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Let’s start with Star Wars. Disney bought Lucasfilm and with it came the rights to Star Wars. Disney has since announced that both a new trilogy and a series of stand alone movies have gone into production. They have also released, or are currently developing, several TV shows, a new comics line from Marvel, video games, and novels. The problem is there’s a good 30 years worth of Expanded Universe content already floating out there in the form of novels and comics that have already exhaustively covered the events after Return of the Jedi all the way through a century after the battle of Yavin from A New Hope. That’s one hundred years worth of EU continuity. Some of those novels, and particularly the comics, were extremely well done, well loved by fans, and helped to keep Star Wars alive before, and even more so after the lackluster-downright hatred of, the prequels. The rest was mediocre to downright horrible. In fact, if most fans (and I am a HUGE Star Wars fan. I own pretty much all of the EU content available) are honest with themselves, for every great novel there have been a good five not so great ones. This is especially true in the last decade when Star Wars moved away from one shots and trilogies and tried to do long form stories that lasted for years.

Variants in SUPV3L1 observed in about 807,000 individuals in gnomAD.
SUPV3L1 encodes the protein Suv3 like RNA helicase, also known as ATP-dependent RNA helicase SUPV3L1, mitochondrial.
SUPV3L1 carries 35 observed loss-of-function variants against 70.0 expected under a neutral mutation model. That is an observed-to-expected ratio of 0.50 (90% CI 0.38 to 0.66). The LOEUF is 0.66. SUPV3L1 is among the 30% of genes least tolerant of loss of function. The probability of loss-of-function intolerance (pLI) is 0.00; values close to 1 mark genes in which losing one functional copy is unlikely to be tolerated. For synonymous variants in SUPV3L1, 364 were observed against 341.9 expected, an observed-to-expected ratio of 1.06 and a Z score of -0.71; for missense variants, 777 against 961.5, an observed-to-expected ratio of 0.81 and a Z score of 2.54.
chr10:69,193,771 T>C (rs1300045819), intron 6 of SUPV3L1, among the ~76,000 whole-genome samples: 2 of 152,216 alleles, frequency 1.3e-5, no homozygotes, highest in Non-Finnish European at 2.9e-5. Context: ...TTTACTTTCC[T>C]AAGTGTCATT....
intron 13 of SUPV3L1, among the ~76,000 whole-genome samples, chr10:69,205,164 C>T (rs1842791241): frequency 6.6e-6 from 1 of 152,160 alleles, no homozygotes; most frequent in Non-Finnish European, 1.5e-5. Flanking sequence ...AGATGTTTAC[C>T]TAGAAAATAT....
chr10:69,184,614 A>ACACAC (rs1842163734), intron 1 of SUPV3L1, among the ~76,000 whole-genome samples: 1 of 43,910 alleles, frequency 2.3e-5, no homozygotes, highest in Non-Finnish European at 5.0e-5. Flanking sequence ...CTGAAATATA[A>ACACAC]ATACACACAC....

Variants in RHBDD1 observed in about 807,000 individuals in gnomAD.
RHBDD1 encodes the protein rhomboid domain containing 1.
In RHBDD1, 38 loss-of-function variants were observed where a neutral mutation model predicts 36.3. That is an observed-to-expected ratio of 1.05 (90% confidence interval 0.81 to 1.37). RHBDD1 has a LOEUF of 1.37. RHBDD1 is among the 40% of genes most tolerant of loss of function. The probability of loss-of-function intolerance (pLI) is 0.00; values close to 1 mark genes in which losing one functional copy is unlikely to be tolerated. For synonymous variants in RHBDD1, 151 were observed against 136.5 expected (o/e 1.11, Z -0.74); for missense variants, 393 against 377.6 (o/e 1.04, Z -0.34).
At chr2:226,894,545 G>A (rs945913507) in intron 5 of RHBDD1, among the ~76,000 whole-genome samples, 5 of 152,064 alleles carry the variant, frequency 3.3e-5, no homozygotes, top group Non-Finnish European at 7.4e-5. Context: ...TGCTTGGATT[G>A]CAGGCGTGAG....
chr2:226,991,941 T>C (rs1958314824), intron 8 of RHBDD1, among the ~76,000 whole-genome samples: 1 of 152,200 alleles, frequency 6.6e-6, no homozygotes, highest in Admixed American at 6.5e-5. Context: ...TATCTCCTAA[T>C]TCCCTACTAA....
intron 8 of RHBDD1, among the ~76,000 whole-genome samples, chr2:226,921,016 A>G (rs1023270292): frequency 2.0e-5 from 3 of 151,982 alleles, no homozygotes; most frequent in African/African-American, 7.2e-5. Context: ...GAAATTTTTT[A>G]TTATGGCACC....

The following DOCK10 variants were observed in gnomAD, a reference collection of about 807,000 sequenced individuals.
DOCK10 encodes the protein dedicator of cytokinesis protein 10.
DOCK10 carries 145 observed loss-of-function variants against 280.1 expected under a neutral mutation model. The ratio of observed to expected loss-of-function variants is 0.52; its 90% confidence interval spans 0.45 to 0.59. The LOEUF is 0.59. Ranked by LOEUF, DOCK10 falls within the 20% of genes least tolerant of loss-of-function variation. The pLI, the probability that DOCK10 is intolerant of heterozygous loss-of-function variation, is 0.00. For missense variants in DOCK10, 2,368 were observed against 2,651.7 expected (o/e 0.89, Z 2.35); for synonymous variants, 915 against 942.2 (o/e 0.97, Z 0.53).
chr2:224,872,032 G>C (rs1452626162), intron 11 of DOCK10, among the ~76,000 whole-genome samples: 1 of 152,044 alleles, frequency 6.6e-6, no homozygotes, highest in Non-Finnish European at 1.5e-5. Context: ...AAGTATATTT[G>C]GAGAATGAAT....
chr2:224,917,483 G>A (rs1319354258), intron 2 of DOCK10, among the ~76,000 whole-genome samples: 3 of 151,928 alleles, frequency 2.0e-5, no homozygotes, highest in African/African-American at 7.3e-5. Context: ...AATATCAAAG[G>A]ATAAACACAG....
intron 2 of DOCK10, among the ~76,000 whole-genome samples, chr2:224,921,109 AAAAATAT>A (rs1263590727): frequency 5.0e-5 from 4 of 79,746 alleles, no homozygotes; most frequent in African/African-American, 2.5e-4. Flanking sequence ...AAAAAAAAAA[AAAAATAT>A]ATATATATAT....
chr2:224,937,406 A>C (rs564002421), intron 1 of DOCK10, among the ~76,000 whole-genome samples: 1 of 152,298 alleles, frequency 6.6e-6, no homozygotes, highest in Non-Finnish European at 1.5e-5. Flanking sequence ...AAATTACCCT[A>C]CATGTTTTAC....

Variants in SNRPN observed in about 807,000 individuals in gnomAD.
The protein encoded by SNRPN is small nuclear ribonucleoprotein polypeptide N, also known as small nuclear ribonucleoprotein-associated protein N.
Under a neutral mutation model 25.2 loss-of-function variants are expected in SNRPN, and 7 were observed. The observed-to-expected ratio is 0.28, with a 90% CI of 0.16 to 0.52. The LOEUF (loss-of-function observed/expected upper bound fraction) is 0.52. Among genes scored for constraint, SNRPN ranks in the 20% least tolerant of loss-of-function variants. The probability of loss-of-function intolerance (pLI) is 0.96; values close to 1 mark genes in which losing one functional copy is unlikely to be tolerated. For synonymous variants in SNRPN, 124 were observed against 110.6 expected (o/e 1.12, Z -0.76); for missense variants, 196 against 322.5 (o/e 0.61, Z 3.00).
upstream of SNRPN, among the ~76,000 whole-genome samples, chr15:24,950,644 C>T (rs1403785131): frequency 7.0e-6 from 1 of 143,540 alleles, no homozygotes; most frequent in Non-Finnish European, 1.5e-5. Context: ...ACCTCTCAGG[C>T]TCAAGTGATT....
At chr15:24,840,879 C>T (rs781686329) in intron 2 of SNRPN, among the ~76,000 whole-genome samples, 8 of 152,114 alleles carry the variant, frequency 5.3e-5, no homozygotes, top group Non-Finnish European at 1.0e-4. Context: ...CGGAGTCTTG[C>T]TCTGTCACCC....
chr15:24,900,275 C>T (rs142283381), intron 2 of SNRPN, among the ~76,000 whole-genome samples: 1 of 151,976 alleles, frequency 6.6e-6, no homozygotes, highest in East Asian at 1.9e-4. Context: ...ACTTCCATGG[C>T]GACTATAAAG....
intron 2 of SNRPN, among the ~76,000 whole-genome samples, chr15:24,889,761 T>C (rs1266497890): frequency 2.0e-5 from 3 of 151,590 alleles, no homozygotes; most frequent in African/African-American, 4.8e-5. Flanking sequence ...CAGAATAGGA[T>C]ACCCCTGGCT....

So if you’re Disney, what do you do with all of that if you want to move forward with new material?  You start fresh.